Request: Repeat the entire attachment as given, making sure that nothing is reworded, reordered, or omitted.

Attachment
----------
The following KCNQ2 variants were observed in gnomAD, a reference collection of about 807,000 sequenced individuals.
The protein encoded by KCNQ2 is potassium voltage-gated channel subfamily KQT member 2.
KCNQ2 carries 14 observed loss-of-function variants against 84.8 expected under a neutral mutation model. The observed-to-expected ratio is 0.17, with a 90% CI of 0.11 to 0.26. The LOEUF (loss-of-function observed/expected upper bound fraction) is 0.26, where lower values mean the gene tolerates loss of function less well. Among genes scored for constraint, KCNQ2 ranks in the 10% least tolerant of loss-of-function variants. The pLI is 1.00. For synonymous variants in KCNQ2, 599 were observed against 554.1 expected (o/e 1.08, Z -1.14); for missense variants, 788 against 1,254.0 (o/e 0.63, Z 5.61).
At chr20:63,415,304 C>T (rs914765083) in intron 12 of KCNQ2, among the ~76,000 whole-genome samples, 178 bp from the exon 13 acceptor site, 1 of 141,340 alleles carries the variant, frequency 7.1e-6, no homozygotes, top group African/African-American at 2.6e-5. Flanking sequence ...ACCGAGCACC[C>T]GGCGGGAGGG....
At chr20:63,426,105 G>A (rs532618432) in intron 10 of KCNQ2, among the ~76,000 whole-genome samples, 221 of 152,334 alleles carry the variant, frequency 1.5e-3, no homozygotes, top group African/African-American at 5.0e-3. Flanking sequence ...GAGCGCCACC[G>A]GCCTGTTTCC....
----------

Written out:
The following KCNQ2 variants were observed in gnomAD, a reference collection of about 807,000 sequenced individuals.
The protein encoded by KCNQ2 is potassium voltage-gated channel subfamily KQT member 2.
KCNQ2 carries 14 observed loss-of-function variants against 84.8 expected under a neutral mutation model. The observed-to-expected ratio is 0.17, with a 90% CI of 0.11 to 0.26. The LOEUF (loss-of-function observed/expected upper bound fraction) is 0.26, where lower values mean the gene tolerates loss of function less well. Among genes scored for constraint, KCNQ2 ranks in the 10% least tolerant of loss-of-function variants. The pLI is 1.00. For synonymous variants in KCNQ2, 599 were observed against 554.1 expected (o/e 1.08, Z -1.14); for missense variants, 788 against 1,254.0 (o/e 0.63, Z 5.61).
At chr20:63,415,304 C>T (rs914765083) in intron 12 of KCNQ2, among the ~76,000 whole-genome samples, 178 bp from the exon 13 acceptor site, 1 of 141,340 alleles carries the variant, frequency 7.1e-6, no homozygotes, top group African/African-American at 2.6e-5. Flanking sequence ...ACCGAGCACC[C>T]GGCGGGAGGG....
At chr20:63,426,105 G>A (rs532618432) in intron 10 of KCNQ2, among the ~76,000 whole-genome samples, 221 of 152,334 alleles carry the variant, frequency 1.5e-3, no homozygotes, top group African/African-American at 5.0e-3. Flanking sequence ...GAGCGCCACC[G>A]GCCTGTTTCC....